August 19, 2019
In early August, American and Turkish military delegations met in Ankara to discuss plans to coordinate the establishment of a safe zone in northern Syria. A joint statement issued at the end of the talks said they agreed on the rapid implementation of initial measures to address Turkey’s security concerns; to stand-up a joint operations center in Turkey as soon as possible in order to coordinate and manage the establishment of the safe zone together; and, that the safe zone shall become a peace corridor, and every effort shall be made so that displaced Syrians can return to their country.
Since the statement does not represent a breakthrough and leaves many questions unanswered observers are understandably trying to predict what might follow. Favorite topics are the breadth of the so-called security zone, who will do the monitoring and what this would mean for Syria’s territorial integrity. What is clear is that a perfect solution remains an illusion and US support for the PYD/YPG will continue to be more than thorn on the side of the Turkish-American relationship.
While we should not cease seeking solutions to an intractable situation it is equally important that we should not lose sight of the fundamental reality: Turkey’s problems in Syria are the result of the ruling Justice and Development Party’s (JDP) misguided intervention in the Syrian conflict.
Eighth years ago, we had good relations with Damascus. We did not have a PYD/YPG problem. We enjoyed good relations with Russia and regional countries. Our democratic decline had changed the chemistry of our relations with traditional allies but diverging security interests had not become a problem. We did not have tens of thousands of jihadist fighters right across the border in İdlib. And, we did not have four million Syrian refugees in Turkey. All of that is the cost of miscalculation and a so-called “proactive” foreign policy prioritizing ideology over national interest. Even for a people with short memory, this much should not be forgotten.
None of this is to suggest that the beginning of the Syrian civil war did not confront Turkey with difficult choices. With the benefit of hindsight, one may say that we should have persisted in our efforts to find common ground between the regime and the “moderate” opposition. Perhaps, we should have tried to negotiate with Damascus a safe zone in Syria only and only for civilian refugees with zero tolerance for infiltration by terrorists. Perhaps we should have tried to have the UN Security Council agree on a resolution for the deployment of an international force to monitor the area. Perhaps we should have organized a conference of regional countries like we had done before the US invasion of Iraq. Failing in such endeavors, we could at least say we tried. Even without the benefit of hindsight one could say that our getting involved was wrong, period.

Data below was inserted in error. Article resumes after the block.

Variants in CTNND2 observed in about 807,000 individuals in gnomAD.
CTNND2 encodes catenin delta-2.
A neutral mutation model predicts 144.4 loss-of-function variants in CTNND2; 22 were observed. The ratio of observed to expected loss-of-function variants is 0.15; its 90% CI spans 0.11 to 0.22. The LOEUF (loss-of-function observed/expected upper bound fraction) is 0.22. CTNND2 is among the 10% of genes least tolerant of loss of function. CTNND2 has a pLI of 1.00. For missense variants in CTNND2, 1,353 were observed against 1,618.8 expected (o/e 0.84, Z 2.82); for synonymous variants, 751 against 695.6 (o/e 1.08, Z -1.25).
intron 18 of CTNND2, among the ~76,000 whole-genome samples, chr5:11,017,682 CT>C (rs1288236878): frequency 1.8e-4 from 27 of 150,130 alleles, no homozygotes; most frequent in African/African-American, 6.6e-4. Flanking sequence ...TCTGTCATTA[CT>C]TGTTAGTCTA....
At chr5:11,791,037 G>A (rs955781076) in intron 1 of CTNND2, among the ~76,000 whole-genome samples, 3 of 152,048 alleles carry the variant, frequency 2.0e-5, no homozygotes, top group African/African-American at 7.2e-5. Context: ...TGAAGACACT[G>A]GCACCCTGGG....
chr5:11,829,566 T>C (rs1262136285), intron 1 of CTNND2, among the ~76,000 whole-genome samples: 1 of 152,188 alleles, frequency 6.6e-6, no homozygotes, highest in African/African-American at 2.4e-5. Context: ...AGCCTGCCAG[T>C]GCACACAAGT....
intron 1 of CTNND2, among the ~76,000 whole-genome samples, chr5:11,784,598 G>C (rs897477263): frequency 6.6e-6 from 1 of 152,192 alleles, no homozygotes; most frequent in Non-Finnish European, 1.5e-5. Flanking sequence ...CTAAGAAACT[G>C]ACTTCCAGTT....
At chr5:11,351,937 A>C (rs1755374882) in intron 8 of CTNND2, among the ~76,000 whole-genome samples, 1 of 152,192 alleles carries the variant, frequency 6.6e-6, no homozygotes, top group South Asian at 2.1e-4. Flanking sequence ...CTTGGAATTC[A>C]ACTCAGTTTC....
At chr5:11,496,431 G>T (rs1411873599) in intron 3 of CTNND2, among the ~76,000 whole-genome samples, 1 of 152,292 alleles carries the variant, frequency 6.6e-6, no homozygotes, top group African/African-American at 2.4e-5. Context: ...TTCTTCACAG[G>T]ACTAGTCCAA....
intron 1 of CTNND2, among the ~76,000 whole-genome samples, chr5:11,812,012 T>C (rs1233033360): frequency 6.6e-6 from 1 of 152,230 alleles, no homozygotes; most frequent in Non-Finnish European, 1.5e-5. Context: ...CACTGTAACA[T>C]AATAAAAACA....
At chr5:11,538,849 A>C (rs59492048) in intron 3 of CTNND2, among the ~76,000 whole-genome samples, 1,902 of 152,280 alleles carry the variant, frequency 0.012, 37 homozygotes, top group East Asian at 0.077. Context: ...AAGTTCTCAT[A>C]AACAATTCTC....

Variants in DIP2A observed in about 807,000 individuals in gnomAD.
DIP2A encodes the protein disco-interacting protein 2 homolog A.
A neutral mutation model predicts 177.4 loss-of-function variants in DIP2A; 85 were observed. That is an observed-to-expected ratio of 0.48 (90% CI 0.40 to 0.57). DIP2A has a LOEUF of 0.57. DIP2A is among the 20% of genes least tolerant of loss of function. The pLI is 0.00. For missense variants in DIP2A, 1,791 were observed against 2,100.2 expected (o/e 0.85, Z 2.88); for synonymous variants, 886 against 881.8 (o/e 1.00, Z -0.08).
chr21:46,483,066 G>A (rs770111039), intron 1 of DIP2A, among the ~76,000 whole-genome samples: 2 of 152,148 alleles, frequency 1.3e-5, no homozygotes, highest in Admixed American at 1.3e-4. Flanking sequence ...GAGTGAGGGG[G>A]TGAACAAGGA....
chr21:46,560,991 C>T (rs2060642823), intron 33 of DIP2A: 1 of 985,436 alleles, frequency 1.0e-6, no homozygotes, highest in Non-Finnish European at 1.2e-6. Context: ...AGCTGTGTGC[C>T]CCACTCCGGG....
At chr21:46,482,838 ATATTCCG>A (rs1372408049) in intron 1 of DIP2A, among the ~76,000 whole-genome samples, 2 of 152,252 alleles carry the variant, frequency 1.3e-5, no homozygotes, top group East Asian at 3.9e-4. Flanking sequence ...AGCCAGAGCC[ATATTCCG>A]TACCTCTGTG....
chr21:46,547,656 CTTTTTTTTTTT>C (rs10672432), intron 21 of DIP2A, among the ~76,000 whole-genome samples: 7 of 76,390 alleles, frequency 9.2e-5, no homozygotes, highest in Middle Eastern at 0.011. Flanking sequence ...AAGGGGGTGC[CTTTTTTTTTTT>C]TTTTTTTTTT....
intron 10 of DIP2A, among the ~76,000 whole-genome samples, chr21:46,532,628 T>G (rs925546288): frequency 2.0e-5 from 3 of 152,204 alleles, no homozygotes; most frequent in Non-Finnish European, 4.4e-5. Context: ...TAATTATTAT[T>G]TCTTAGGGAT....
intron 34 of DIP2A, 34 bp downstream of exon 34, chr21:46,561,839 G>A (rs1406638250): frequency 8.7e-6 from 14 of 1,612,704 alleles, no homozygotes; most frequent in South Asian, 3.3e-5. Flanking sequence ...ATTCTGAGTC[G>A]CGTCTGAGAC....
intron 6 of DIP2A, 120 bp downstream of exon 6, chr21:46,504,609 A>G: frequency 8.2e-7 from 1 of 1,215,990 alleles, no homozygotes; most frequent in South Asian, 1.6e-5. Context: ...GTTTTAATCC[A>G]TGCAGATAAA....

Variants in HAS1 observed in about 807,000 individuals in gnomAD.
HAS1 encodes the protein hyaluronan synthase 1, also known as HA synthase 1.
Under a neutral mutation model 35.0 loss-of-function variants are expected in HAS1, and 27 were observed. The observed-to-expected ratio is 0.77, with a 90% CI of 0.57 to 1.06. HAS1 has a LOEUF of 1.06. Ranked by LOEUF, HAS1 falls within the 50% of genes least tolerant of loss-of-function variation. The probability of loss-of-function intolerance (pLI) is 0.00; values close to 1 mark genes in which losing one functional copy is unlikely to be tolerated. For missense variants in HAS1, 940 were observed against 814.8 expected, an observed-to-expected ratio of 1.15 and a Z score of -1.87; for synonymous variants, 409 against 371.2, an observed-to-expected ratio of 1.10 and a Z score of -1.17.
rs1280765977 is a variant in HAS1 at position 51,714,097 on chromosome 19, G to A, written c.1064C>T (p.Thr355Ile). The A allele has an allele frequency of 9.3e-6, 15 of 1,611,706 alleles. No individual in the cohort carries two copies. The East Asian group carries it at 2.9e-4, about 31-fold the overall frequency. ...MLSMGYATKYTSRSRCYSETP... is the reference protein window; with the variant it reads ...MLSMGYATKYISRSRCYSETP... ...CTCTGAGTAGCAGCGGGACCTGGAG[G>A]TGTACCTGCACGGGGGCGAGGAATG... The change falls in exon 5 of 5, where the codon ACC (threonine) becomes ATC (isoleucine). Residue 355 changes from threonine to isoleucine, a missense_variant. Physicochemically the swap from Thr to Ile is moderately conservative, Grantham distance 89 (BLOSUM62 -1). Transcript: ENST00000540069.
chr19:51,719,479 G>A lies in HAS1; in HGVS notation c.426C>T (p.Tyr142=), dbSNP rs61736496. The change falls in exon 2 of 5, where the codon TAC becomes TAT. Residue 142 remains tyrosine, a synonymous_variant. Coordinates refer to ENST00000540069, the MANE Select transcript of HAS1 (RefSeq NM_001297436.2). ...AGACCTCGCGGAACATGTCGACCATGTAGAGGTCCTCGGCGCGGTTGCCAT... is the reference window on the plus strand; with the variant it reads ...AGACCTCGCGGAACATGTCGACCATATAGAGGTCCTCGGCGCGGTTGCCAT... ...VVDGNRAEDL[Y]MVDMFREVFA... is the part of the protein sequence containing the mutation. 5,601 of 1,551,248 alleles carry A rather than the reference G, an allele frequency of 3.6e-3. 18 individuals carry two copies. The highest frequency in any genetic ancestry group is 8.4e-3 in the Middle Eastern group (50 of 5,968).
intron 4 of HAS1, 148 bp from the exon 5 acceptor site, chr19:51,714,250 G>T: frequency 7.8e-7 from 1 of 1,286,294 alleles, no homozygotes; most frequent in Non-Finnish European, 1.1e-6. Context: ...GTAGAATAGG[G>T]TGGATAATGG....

Since we are increasingly partnering with Russia in Syria and in upgrading our security, a lesson from Russian history could be relevant.
At the turn of the twentieth century opposition to Tsar Nicholas II’s rule was rising. The Tsar was advised by the Minister of the Interior Viacheslav Plevhe and courtiers in St. Petersburg that a “national victory” would lessen the growing opposition to tsarist rule. They believed that such a victory against Japan would provide the regime with an opportunity to heighten patriotic fervor and national pride. Thus, in 1904 Russia entered into war with Japan against the advice of Alexei Kuropatkin, the Minister of War. It suffered a humiliating defeat. It lost more than 200,000 men, its Pacific and Baltic fleets not to mention international prestige. Many historians see Russia’s 1904-1905 war with Japan as an example of costly foreign and security policy miscalculation and a landmark episode in the unraveling of tsarist rule.
There may be a hundred differences between the Russian-Japanese war and Turkey’s intervention in Syria. Nonetheless, both cases underline the need for caution in taking important foreign and security policy decisions. Because, once a mistake is committed there is no easy way of going back. They also show that turning foreign policy into a tool of domestic politics is wrong.
JDP’s grip on power is waning. And when Turkey’s history of the twenty-first century is written, many may see our intervention in Syria and concurrent democratic decline as the beginning of the unraveling of JDP rule.